(To be seated closest to the ocean, be sure to ask when making reservations).  Tonight we ordered the server recommended seafood sampler platter appetizer that included Smelt, Octopus, squid, shrimp and avocado, sardines, Zucca blossoms, and something else unidentifiable.  The seafood eaters were not overwhelmed.  Everything was fresh, it was just unusual.  There are two types of sardines served in the region (which is noted for the sardines).  There are lemon marinated, and there are salted.  It seems that the salted ones are even too salty for BJ.  She really liked the lemon ones though.  While the platter was on the table, we were approached by what must be the dumbest cat on Earth.  What cat doesn't like seafood?  We would drop a piece of octopus, or a sardine, or a smelt, on the ground two inches in front of the cat, and then laugh because he couldn't find it.  (I thought cats had a pretty developed sense of smell as well, but he as hard pressed to find any of these treats). 

For our entrees tonight, we all had a pasta; spaghetti with tomatoes or flat noodles with pesto and cream or ravioli Bolognese.  After dinner we stopped at the Enoteca Da Eliseo wine bar, about 30 meters from our hotel, for an evening nightcap of wine, grappa, lemoncino and orancino while we taught Scott and Sandy how to play the card game 99.  The comment, “I like this game because it doesn’t require too much High a-Thinkin’” pretty much defined our frame of mind.  Around midnight, we all headed off to our rooms for the evening.   

Bells at 7:30AM, breakfast at 9:00AM.  We decided that today we would train back to Corniglia, and do the Corniglia to Vernazza walk.

Scott and Sandy had not yet been to Vernazza, wanted to do another trail and BJ and I had already done the Monterosso to Vernazza walk. (My motive was that it appeared from the depiction on the wall of our hotel that the walk would be predominately downhill).  Today looked rainy again, so we prepared accordingly.  When we got off the train in Corniglia, BJ and Scott chose to walk up the steps while Sandy and I took that (free) shuttle again.  I figured that I would get enough hills on the walk (I was right).  The ranger who checked our park pass at the start of the trail said it would take about an hour and 10 minutes.  The first third of the trail was more up and down, than down, and it was beginning to rain. 


There were a few treacherous places on the trail.  A place where the path had completely washed away and another place where a large rock had fallen on the path, breaking the handrail.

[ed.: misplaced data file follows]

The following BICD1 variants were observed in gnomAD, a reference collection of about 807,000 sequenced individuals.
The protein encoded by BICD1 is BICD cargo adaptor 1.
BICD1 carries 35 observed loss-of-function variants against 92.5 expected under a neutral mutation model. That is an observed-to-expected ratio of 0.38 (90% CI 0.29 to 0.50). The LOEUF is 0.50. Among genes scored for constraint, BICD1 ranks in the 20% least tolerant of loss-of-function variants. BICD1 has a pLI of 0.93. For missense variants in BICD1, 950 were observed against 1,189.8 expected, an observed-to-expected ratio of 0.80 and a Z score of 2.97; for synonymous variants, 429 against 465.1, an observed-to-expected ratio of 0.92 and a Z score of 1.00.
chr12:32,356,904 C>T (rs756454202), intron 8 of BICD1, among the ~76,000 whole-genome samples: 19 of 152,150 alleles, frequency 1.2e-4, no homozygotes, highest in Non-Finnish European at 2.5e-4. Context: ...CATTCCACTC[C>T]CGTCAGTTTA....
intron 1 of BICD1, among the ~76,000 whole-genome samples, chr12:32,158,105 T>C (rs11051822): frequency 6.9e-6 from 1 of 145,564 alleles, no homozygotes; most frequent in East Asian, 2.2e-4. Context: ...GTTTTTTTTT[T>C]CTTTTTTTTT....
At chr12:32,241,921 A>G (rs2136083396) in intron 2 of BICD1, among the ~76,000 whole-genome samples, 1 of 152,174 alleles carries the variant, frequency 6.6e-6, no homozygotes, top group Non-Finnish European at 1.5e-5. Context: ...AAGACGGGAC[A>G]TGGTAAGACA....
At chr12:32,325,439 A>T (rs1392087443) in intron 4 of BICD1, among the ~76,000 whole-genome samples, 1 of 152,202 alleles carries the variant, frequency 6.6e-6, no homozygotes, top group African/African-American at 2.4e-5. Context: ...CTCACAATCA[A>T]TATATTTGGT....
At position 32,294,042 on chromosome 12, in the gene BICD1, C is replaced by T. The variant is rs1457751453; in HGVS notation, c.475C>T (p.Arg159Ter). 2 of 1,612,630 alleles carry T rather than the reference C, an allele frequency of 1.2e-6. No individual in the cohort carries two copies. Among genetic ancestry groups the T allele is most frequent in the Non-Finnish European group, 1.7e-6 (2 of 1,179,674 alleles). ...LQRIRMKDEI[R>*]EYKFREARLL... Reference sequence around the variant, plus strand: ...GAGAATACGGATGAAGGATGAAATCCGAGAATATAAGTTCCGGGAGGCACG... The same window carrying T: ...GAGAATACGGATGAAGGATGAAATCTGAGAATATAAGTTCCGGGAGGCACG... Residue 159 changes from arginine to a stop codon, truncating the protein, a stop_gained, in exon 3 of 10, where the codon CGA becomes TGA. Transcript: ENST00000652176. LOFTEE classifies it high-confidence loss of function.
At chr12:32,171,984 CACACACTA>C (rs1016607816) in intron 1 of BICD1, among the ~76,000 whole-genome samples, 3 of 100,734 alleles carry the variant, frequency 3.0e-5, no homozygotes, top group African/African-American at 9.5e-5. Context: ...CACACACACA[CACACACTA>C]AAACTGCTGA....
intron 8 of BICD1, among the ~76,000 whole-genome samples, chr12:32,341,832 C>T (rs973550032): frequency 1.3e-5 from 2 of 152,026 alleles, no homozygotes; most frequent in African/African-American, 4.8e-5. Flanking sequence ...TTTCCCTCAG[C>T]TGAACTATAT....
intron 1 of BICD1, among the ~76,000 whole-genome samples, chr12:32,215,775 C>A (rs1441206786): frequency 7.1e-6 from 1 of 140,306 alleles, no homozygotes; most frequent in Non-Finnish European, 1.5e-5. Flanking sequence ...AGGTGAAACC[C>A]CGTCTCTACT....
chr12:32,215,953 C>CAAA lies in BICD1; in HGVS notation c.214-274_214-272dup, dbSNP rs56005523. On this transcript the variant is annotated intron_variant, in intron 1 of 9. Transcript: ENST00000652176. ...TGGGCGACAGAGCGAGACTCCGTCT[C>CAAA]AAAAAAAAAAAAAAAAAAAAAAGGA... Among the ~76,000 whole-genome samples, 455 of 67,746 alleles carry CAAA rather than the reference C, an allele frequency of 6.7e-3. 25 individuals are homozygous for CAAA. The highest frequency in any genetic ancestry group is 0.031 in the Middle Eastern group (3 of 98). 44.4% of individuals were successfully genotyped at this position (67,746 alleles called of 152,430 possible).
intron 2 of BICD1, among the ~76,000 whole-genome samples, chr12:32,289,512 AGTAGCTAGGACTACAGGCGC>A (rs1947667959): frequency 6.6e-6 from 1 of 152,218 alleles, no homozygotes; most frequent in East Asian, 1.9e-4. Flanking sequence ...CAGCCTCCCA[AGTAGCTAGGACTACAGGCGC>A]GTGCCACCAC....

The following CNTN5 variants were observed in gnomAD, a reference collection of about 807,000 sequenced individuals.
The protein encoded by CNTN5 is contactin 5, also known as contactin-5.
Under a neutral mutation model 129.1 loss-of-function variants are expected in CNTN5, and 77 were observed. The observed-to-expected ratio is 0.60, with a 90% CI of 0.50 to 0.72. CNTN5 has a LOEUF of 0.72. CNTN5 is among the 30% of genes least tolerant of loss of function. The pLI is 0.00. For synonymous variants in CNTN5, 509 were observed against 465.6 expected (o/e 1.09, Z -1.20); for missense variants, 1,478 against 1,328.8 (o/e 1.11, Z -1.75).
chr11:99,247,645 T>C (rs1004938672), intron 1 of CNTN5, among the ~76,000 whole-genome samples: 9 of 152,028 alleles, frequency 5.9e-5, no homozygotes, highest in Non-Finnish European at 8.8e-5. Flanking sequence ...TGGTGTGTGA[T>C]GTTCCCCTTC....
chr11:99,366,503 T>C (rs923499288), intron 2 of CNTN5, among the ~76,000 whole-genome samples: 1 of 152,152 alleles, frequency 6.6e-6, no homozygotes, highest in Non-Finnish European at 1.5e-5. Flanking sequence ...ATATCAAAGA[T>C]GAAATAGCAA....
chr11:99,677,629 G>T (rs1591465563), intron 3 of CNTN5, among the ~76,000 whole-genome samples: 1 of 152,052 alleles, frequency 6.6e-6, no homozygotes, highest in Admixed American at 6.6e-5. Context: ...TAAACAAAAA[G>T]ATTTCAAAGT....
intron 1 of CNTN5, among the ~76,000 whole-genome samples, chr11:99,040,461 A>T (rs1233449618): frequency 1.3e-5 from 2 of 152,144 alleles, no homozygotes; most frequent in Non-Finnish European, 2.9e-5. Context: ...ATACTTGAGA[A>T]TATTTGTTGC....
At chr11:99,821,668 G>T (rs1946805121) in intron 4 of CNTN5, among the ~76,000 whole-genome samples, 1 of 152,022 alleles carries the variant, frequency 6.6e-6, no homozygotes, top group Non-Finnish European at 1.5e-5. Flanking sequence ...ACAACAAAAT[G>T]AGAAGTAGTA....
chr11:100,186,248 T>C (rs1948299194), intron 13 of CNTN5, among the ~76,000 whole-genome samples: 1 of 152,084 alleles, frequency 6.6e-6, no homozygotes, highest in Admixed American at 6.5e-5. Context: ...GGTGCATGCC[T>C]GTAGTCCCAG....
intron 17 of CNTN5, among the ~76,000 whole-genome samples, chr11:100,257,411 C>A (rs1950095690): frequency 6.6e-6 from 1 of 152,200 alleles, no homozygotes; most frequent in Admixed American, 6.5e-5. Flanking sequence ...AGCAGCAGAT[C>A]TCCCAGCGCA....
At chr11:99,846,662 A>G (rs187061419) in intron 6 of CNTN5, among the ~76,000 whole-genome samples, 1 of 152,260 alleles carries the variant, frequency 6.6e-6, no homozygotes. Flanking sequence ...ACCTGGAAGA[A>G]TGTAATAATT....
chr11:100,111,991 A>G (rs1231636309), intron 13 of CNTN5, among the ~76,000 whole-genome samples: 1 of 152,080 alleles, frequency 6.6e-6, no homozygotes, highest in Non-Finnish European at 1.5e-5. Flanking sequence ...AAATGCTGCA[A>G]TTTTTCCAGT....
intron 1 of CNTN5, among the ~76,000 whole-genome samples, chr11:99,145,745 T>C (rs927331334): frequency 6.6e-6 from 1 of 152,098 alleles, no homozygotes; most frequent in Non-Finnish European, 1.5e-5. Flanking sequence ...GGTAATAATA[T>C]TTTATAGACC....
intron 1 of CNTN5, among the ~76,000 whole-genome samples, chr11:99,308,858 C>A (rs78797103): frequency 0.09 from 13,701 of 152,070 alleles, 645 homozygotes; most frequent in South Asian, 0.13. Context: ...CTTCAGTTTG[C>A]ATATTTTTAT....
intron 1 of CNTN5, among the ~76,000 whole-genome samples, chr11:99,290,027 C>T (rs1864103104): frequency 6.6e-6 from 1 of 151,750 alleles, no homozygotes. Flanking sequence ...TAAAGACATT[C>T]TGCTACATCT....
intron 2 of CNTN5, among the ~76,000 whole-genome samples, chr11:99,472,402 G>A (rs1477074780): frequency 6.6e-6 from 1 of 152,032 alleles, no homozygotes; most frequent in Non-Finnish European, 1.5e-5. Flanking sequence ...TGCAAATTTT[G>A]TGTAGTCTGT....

About 40 minutes into the hike, just as it was starting to rain in earnest, we came across the most wonderful thing.  A tiny little bar!  


The Bar Il Gabbiano had cold beers and another beautiful view back to Corniglia and Manarola. 

We spent about 45 minutes there, waiting for the rain to stop and enjoying the view, the beer (and the nice clean bathroom).  Unfortunately, it didn't look like the rain was going to stop any time soon, so we loaded up and headed out.  Most of the rest of the way WAS downhill.  But by now, the trail was muddy and the rocks were slippery.  

It was slow going, but after another 40 minutes or so, we wandered down into a steadily raining Vernazza.  The first place we came to was Da Piva Trattoria, a seafood restaurant.  We stopped for lunch, and to dry off.  It was a delightful little place.  At one point the owner (we assume, since his picture was on the wall) came out and handed a guitar to an Australian woman who was having lunch alone.  She played a tune while singing a song, and at the end, she handed the guitar back to the owner, who played and sang as well.  This went on for about 25 minutes, while we enjoyed lunch. 


Hearing more English speakers, we found that the couple at the next table was also from Atlanta!  Small world.  After lunch, with the rain almost gone, we walked up the steep steps to the Al Castello Restaurant which had a great view overlooking the protected harbor at Vernazza. 


An older man greeted us warmly and said, “Of course” when we asked if we could come in for wine.  Further into the restaurant, a waiter told us they were closed.  We asked about wine and were again told, “Of course”.  We wanted a table overlooking the water but they were cleaning up from lunch, so they seated us at an out-of-the-way table.  The rainy weather hampered the view anyway so we were not terribly disappointed.  We enjoyed some more local red wine while we played more 99.  BJ and Scott paid the €1,5 each to climb up to the top of the tower and were rewarded with a lovely view.


Afterwards, it was time for coffee, so we headed down to the Blue Marlin.  A cup of coffee had everyone revived so we took the short walk to the train station and rode the next locale back to Monterosso.  We were all hungry for pizza again tonight, so we asked the Californian at the desk where SHE would go for the best pizza in Monterosso.  She said that the place we ate Thursday was probably where she'd go, because it was good and very convenient.  We pressed her again; don't worry about convenient; where is the BEST pizza in Monterosso.  This time she directed us to the Ristorante Pizzeria La Taverna and gave us directions.  It was about a 20 minute walk, over in the new section of town.  And she was right.  It was excellent!  After dinner, we stopped again at the Enoteca Da Eliseo for another round of Lemoncino and Grappa Reserva.  We called it a night a little earlier this time, since we would need to leave the hotel around 8:00AM the next day. 

We had reservations for the 8:41AM train and it took us direct to Pisa Centrale (a two hour ride), where we made the 10 minute connection to the Pisa Aeroporto train, a five minute ride.  (Exit the train at Pisa Centrale and follow the universal airport signs.)  The flight from Pisa to New York was so open that we were given our seat assignments at check-in time; almost unheard of but VERY reassuring.  Champagne, warm nuts, a movie, the chicken (BJ) and the beef (Tony) and a three hour nap had us on approach to JFK.  We were actually a little early and it was possible that we would make the earlier flight to Atlanta!  That is, until there was no gate available and we had to ride the (very hot) people-mover busses from a remote pad to the terminal before clearing customs and immigration.  Now we had just enough time to stop by the Crown Room, boot up our computers and check the flight (and Scott's email) before boarding our (only) coach seats (for this trip) back to Atlanta.  BJ and I were home, tired but very happy, around 11:00PM local time; a long day but well worth it.

Next trip - who knows.  We love to fly, though.

Destination Information For This Trip In A Nutshell

BJ and Tony